Michigan Tech's Summer Youth Program has an excellent reputation, drawing young scholars not only from around the country, but from around the world.
Last winter, Sarp Tatlici decided he wanted to attend some sort of science or engineering summer program. The 17-year-old sat down with his mother and surfed the Internet looking for programs that might interest him.
“We were looking for engineering and stuff, and this popped up. We looked at each other and said ‘Why not?’” The “this” Tatlici saw was the website for the Summer Youth Program at Michigan Technological University. In particular, the teen was interested in the Engineering Scholars Program. What makes his story a bit unusual is that Tatlici and his mother discovered SYP at Michigan Tech while surfing the web from their home in Istanbul, Turkey, about 5,250 miles from the Houghton campus.
Sarp Tatlici is one of four international students attending the Engineering Scholars Program. In addition, three young men from Bahrain spent the week in Houghton as well.
It is not unusual to see students from all over the world on the Tech campus during the summer. Amanda McConnon, assistant director of the Center for Pre-College Outreach, says this summer nearly 12 percent of the Summer Youth Program participants come from other countries. This is close to Michigan Tech’s 15 percent make-up of international undergraduate and graduate students.
"It's real nature here. There's lots of green."
The trip to America is Tatlici’s fourth, but his first to a place that doesn’t have palm trees. Previous family trips have taken him to Miami, San Diego and Las Vegas. While the weather has been cooler than he expected, he’s enjoyed the scenery. “It’s real nature here. There’s lots of green.”
His parents traveled with him to Houghton, and they’re enjoying the sights of summer in the Keweenaw while their son is getting an overview of engineering.
“My father’s friend said, ‘We need engineers.’ That’s what got me interested in engineering,” Tatlici says. While he has yet to select which engineering field he will pursue after high school, engineering will be his chosen profession. The week at Tech may help steer him toward a particular discipline.
The Engineering Scholars Program is a week-long look at engineering careers, covering mechanical, computer, environmental, electrical, chemical, biomedical, civil, geological and materials engineering.
Tatlici says all of the engineering projects have been interesting, but it was geological engineering that really sparked his interest. “I chose a group project involving volcanoes. Even though we don’t have volcanoes in Turkey, I really liked it, and who knows--I may travel to a place with volcanoes some day.”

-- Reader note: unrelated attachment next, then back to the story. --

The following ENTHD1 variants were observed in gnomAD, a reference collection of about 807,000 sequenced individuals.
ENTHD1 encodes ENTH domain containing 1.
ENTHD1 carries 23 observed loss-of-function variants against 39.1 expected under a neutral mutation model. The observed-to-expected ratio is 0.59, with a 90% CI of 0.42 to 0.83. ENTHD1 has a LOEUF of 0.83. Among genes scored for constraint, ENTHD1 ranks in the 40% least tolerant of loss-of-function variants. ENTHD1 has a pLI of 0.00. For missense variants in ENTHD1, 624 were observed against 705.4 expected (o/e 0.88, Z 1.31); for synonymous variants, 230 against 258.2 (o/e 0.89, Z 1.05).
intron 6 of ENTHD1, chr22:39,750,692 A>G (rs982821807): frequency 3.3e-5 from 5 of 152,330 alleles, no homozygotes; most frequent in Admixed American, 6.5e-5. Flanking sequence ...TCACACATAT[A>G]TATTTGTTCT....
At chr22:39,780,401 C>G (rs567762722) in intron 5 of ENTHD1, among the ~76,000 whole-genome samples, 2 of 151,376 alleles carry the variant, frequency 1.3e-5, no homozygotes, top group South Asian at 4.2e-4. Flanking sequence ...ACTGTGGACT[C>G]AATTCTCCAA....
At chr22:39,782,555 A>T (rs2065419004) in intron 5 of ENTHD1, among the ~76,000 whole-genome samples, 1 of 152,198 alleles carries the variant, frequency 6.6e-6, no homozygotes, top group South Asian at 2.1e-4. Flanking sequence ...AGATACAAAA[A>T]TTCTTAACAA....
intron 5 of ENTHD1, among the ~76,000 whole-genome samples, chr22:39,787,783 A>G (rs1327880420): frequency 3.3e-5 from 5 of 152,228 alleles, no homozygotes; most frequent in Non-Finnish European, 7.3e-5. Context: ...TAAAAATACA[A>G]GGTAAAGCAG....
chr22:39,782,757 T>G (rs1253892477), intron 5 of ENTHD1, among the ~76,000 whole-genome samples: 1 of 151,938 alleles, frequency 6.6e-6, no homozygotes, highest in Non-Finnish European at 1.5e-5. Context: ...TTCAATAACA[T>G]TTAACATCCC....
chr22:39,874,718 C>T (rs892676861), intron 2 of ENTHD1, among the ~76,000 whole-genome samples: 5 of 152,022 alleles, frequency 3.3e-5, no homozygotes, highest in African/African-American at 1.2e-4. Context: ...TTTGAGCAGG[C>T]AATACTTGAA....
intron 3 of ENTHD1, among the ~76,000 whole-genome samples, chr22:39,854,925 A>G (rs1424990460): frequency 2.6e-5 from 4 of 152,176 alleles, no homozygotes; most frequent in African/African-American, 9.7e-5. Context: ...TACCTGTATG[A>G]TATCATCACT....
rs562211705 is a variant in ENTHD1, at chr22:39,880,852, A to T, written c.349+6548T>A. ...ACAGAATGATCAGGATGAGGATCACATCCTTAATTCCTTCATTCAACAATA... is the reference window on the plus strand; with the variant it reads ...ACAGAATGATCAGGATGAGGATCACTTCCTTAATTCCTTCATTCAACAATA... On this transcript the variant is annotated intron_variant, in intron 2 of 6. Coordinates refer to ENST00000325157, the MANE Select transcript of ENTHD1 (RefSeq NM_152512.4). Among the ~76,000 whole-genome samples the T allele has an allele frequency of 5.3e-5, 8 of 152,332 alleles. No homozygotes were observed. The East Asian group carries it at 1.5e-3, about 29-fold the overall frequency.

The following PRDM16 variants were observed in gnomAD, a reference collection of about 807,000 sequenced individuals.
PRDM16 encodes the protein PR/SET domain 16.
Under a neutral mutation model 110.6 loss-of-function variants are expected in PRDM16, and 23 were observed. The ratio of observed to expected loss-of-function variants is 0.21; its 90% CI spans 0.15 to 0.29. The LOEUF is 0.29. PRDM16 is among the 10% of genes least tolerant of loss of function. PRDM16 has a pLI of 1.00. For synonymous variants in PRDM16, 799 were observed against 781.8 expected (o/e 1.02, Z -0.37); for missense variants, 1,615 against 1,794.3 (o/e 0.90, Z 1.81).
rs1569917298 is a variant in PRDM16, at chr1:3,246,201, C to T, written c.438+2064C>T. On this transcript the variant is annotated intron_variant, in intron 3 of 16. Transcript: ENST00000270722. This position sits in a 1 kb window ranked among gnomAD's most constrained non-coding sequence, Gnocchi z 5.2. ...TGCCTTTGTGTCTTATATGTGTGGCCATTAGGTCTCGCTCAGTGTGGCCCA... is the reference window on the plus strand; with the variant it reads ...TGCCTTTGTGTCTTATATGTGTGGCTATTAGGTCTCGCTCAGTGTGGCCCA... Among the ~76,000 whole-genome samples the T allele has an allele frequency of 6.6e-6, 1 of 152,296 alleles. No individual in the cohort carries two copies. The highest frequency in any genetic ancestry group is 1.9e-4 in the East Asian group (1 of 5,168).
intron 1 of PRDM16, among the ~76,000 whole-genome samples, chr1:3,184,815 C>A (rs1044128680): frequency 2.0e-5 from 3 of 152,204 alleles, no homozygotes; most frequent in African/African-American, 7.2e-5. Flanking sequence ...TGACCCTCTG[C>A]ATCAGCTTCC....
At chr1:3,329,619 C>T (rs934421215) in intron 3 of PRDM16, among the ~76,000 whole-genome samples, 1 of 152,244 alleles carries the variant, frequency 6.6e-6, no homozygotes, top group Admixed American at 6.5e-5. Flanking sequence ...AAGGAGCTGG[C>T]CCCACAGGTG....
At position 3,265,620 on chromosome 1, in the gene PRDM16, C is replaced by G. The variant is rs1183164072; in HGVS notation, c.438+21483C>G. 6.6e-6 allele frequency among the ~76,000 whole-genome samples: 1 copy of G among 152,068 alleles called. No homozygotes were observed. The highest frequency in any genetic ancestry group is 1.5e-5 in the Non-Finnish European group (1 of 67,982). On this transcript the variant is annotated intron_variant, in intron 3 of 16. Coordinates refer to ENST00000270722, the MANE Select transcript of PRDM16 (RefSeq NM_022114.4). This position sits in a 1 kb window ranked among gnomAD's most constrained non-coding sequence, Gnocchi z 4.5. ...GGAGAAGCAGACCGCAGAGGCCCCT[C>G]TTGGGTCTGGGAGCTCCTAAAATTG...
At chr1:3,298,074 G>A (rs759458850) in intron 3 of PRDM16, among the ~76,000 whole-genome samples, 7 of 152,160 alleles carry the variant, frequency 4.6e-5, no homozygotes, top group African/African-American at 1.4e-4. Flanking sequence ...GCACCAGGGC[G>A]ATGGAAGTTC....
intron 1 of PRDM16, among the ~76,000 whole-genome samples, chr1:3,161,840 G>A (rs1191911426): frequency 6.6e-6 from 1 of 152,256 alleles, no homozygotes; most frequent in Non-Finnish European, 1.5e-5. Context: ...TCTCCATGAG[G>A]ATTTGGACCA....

It was more than engineering that impressed the teen from Turkey about SYP and Michigan Tech. “This is a pretty cool place; the people have been really great. They all know I’m from Turkey, but they treat me like everybody else.”
McConnon says it’s the overall experience, both in and out of classrooms and labs, that makes SYP so special. “Our programs offer all students a sneak peek at what college life could be like. They stay in residence halls, eat in a dining hall and walk themselves to classes on campus.”
She says going through this experience while still in middle or high school gives students the confidence that they will be successful at a university. It makes the idea of attending college less scary. “Having both international and domestic students attend out program adds to this college-like experience. It also gives international participants, many visiting the US for the first time, a chance to see if attending a university abroad is right for them.
Tatlici says studying abroad is certainly a possibility. “I have to take another year of exams before I can decide where I want to go. I wouldn’t mind coming here.”
ESP is one of eight competitive scholarship programs offered by SYP during the course of the summer. The other programs include; Women in Engineering, National Summer Transportation Institute, Rail and Intermodal Transportation, Women in Computer Science, Junior Women in Engineering, Women in Automotive Engineering and Women in Robotics.
Mconnon says students from different countries find out about Michigan Tech and SYP in a variety of ways. “They learn about our Summer Youth Programs several ways, including from their school counselors and teachers, US Embassy contacts and Michigan Tech alumni.”
And some find out by surfing the web with their mother.
Michigan Technological University is a public research university, home to more than 7,000 students from 54 countries. Founded in 1885, the University offers more than 120 undergraduate and graduate degree programs in science and technology, engineering, forestry, business and economics, health professions, humanities, mathematics, and social sciences. Our campus in Michigan’s Upper Peninsula overlooks the Keweenaw Waterway and is just a few miles from Lake Superior.